EAST PALETINE, Ohio (WKBN) — It’s been over six months since the East Palestine train derailment, and residents from the village say they still have questions that need answers, while some haven’t returned to their homes.

Members of the Unity Council for the East Palestine Train Derailment met at the head of the village walking trail around 4:30 p.m. Monday. With them were rocks painted with either support for the village or questions from the community.

“My biggest question right now is, are we safe and how do we get the true answers?” said Jami Wallace, a resident. “There’s no trust left in the EPA.”

Many of the questions raised were about testing. Members of the unity council said air quality needs to continue in homes by independent scientists paid for by Norfolk Southern.

“The EPA has since admitted it could only pick up 5 times the reportable limits of certain chemicals,” Wallace said.

One woman said her and her son have been out of their home for six months, living in a hotel.

“Hardest part is not knowing where we’re going to go,” Zsuzsa Gyenes, a resident. “For a while, we were hoping to go home and we never got this EPA cleaning, and now we find it’s not HAZMAT certified. They’re not doing air ducts.”

Gyenes said she’s been looking for a new home in Pennsylvania to be closer to family but admits the last six months have taken a toll.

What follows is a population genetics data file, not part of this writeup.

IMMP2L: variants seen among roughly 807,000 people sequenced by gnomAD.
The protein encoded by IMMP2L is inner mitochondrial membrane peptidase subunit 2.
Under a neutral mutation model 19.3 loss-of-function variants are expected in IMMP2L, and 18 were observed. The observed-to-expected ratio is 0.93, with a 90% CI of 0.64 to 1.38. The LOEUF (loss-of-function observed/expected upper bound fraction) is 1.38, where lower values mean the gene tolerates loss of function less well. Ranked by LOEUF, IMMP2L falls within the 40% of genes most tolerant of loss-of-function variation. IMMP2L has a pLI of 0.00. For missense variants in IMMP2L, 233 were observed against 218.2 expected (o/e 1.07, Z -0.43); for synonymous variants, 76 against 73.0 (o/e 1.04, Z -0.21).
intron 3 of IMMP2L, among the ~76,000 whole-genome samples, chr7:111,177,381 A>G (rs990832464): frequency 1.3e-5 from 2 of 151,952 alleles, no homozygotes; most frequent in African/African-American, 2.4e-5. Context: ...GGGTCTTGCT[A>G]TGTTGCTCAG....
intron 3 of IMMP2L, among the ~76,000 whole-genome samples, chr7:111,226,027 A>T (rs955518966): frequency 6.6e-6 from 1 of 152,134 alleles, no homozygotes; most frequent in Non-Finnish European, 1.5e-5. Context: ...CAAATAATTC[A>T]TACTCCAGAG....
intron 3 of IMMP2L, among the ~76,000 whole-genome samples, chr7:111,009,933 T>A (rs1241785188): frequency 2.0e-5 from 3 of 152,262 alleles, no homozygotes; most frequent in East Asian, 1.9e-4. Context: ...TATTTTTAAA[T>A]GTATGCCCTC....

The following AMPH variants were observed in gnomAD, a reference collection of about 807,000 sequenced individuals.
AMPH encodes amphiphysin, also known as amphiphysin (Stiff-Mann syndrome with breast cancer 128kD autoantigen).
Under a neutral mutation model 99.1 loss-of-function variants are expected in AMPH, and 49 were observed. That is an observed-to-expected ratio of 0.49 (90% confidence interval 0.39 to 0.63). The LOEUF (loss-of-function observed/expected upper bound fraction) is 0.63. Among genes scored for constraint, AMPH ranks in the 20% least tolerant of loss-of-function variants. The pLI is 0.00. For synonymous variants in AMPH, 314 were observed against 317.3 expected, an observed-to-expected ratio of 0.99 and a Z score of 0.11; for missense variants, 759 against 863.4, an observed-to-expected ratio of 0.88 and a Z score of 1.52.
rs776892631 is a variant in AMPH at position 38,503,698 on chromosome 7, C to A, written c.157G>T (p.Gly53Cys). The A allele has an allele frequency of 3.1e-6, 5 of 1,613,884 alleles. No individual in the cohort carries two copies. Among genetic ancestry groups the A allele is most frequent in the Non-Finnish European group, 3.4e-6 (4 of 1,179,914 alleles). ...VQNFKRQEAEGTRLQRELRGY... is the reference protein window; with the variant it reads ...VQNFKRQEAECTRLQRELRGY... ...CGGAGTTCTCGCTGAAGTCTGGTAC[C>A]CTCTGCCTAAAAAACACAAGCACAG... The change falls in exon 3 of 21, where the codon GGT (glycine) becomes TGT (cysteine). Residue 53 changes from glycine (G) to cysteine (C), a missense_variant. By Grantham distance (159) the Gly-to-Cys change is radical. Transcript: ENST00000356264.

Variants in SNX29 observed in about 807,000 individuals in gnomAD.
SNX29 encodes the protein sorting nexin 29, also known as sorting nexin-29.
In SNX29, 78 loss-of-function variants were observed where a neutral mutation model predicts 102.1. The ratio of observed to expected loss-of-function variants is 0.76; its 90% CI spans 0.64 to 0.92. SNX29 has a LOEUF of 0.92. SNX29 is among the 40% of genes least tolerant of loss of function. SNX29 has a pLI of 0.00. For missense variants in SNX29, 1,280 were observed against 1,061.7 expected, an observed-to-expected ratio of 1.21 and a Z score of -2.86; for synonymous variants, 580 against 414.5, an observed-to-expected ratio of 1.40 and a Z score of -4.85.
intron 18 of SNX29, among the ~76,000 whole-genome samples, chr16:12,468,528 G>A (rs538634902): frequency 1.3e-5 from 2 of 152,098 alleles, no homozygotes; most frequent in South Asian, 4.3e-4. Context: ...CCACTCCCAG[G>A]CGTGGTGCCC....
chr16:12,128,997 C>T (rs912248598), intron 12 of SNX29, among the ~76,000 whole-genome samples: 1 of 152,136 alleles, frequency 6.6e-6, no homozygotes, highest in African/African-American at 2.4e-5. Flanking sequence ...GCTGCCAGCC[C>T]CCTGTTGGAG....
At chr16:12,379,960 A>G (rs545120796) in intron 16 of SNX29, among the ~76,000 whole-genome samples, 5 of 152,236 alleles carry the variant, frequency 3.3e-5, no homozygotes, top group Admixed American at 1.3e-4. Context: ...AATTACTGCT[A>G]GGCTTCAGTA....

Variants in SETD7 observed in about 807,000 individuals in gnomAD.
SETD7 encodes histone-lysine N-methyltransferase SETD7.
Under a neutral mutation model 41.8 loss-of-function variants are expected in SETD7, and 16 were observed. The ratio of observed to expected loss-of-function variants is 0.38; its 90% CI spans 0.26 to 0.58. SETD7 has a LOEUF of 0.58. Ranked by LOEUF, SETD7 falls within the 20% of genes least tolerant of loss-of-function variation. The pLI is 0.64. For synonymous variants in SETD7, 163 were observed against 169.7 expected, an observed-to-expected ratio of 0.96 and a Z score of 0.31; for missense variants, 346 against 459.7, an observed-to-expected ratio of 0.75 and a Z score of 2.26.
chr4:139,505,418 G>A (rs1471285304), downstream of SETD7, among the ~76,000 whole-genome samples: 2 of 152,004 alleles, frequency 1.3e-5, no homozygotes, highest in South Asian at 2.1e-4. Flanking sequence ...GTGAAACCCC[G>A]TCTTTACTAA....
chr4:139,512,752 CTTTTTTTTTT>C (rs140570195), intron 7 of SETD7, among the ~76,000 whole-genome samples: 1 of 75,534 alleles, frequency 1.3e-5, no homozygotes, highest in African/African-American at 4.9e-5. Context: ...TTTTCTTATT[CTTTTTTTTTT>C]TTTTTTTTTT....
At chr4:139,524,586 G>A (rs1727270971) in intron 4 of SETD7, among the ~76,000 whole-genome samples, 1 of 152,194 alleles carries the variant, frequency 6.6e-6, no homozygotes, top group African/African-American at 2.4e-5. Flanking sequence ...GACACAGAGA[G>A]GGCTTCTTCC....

“Every day, not knowing what’s going to happen, has been very difficult. A lot of anxiety, a lot of depression and a lot of frustration, generally,” Gyenes said.

The group has made trips to Washington D.C. to speak to lawmakers. They would like to see continued support for the village from the local, state and federal levels.

“I would like to see them go door-to-door and check on the community, see the other side of people, instead of their little cliques,” said Eric Cozza, a resident.

The council asks that President Joe Biden sign off on Gov. Mike DeWine’s disaster declaration.

“The government can recoup their money from Norfolk Southern later, but we need help now,” Wallace said. “This is not politics. This is human lives. This can happen in any community.”